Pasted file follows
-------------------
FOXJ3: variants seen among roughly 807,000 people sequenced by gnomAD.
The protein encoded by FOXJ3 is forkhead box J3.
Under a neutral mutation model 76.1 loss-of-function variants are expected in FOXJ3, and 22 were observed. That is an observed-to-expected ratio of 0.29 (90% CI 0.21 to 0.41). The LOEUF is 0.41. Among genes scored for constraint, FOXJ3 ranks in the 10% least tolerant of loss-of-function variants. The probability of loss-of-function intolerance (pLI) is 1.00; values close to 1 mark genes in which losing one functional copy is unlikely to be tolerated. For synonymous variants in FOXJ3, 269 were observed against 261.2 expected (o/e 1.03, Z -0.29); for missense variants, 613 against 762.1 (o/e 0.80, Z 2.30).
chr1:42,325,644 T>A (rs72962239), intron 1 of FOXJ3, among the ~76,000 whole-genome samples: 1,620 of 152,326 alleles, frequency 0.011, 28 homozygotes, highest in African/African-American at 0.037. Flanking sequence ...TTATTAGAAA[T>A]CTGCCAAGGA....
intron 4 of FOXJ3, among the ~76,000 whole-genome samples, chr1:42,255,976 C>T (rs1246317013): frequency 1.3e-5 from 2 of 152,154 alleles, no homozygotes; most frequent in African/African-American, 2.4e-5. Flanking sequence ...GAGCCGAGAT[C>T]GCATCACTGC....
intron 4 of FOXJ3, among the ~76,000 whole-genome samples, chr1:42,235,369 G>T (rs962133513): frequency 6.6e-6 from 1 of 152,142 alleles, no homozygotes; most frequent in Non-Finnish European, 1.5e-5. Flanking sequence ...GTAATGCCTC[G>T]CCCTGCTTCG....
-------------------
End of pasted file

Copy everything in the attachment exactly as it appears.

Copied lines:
FOXJ3: variants seen among roughly 807,000 people sequenced by gnomAD.
The protein encoded by FOXJ3 is forkhead box J3.
Under a neutral mutation model 76.1 loss-of-function variants are expected in FOXJ3, and 22 were observed. That is an observed-to-expected ratio of 0.29 (90% CI 0.21 to 0.41). The LOEUF is 0.41. Among genes scored for constraint, FOXJ3 ranks in the 10% least tolerant of loss-of-function variants. The probability of loss-of-function intolerance (pLI) is 1.00; values close to 1 mark genes in which losing one functional copy is unlikely to be tolerated. For synonymous variants in FOXJ3, 269 were observed against 261.2 expected (o/e 1.03, Z -0.29); for missense variants, 613 against 762.1 (o/e 0.80, Z 2.30).
chr1:42,325,644 T>A (rs72962239), intron 1 of FOXJ3, among the ~76,000 whole-genome samples: 1,620 of 152,326 alleles, frequency 0.011, 28 homozygotes, highest in African/African-American at 0.037. Flanking sequence ...TTATTAGAAA[T>A]CTGCCAAGGA....
intron 4 of FOXJ3, among the ~76,000 whole-genome samples, chr1:42,255,976 C>T (rs1246317013): frequency 1.3e-5 from 2 of 152,154 alleles, no homozygotes; most frequent in African/African-American, 2.4e-5. Flanking sequence ...GAGCCGAGAT[C>T]GCATCACTGC....
intron 4 of FOXJ3, among the ~76,000 whole-genome samples, chr1:42,235,369 G>T (rs962133513): frequency 6.6e-6 from 1 of 152,142 alleles, no homozygotes; most frequent in Non-Finnish European, 1.5e-5. Flanking sequence ...GTAATGCCTC[G>T]CCCTGCTTCG....